There is something that is weighing on my heart and I needed to get it out. I need to see the words form, flying across the page in a flash, and spilling out like water. I need to talk about death and I need to talk about grief. I generally try to focus on the positive things, the things that make others feel lighter and unburdened, but my thoughts are gloomy today. The wind is howling outside and rain is coming down from the sky in a torrent. I wish I were curled up near a fireplace listening to the crackling of logs as tendrils of smoke escape up the flue. Instead, my brain is carrying on a philosophical discussion of things that tend to make others uncomfortable. I only partially blame it on my recent readings of Being Mortal: Medicine and What Matters in the End by Atul Gawande and “Never Too Late To Operate? Surgery Near End Of Life Is Common, Costly”
For some time now, I have been thinking about how we deal with the end of life in the chronic illness community. For the most part, we skirt around the subject. It is there, but not there at all. The truth of the matter is that we are all keenly aware of our own mortality, the waning days are expected to come sooner for us than the general population. We will build friendships and deep bonds over our experiences and then watch helplessly as these people slip away or just vanish suddenly. It is hard to live in this place of love and loss that threatens to endlessly repeat. I feel. I fear. I fight. I …forget? I hope not.
Many of the people I have developed friendships with over the last several years are heavily invested in the advancement of medical technology, the delivery of healthcare, and developing partnerships with healthcare providers. There is an increasing call for empathy along the entire span of the healthcare spectrum and improved quality of life. This does not mesh well with Western views of healthcare, which increasingly focus on eking out a few extra days or months of life through valiant measures, with nary a care for the inevitable process of a body on the decline. Each grey hair, gentle hobble, or wrinkled patch of skin reminds us of our own mortality and is rejected by a society that values youth and vigor.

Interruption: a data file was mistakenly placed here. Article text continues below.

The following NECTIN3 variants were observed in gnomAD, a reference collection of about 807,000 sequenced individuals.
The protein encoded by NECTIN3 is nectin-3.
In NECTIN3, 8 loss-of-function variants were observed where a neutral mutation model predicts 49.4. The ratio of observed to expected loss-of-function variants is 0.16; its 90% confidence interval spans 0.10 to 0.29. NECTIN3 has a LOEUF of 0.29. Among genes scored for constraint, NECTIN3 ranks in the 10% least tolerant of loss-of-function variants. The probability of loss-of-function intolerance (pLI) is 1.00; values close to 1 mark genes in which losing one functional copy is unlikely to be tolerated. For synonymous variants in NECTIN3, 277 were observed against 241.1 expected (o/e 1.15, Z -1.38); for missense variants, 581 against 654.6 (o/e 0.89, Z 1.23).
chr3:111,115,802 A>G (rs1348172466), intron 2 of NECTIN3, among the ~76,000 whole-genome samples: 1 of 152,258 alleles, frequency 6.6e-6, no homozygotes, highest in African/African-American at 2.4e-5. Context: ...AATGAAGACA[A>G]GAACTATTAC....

Even as patients, we can buy into this approach where extra time means everything. It is no surprise then that our culture of medical heroics pushes onward to defy even death itself. This mindset leads to unnecessary interventions which do little to improve patient outcomes or quality of life. While life itself has incredible value, an extension of time is almost irrelevant if we are not able to be present in the moment. It is simply an acceptance that we shall not go on forever in mind or body.
I often have my doubts that this opinion is shared widely, even within the chronic illness community. We all continue to weigh within ourselves the best choices for our individual life circumstances. We are not all warriors, intent on waging a daily battle against the pain that consumes every waking moment. Neither are we all at a place of stoic acceptance. Rather, we undergo a range of slight and even seismic shifts, landing somewhere on the spectrum of understanding. The continuous whispers of impending grief lurks around the edges, and in this state, some of us reach out to others who would lift our burden.
Friendships in the chronic illness community form quickly and can be intense, as we bond over procedures, diagnoses, and life stories. Many of these form online, as it is often the only consistent outlet to the wider world that exists for us. These friendships are no less real or valid than ones you would make under other circumstances. Niche groups form and offer reciprocal support, ensuring that no one is left with the entire burden of providing emotional labor. Many of us develop personal and working relationships within these tight-knit groups, as we work towards a common goal. Yet, there is the unspoken always present and lurking. Though we express an endless positivity and support for our friends, the trickle of fear and the questions of “what if,” dare not be spoken aloud. It is as though uttering a word about the possibility of death brings it a step closer to fruition. Perhaps it will even force that realization of our own end will be sooner than we desire.
I would like to say that I have some level of insight into processing these feelings that remain unspoken, so I will end this with a quote to think on.
Being mortal is about the struggle to cope with the constraints of our biology, with the limits set by genes and cells and flesh and bone. Medical science has given us remarkable power to push against these limits…[but] I have seen the damage we in medicine do when we fail to acknowledge that such power is finite and always will be. – Atul Gawande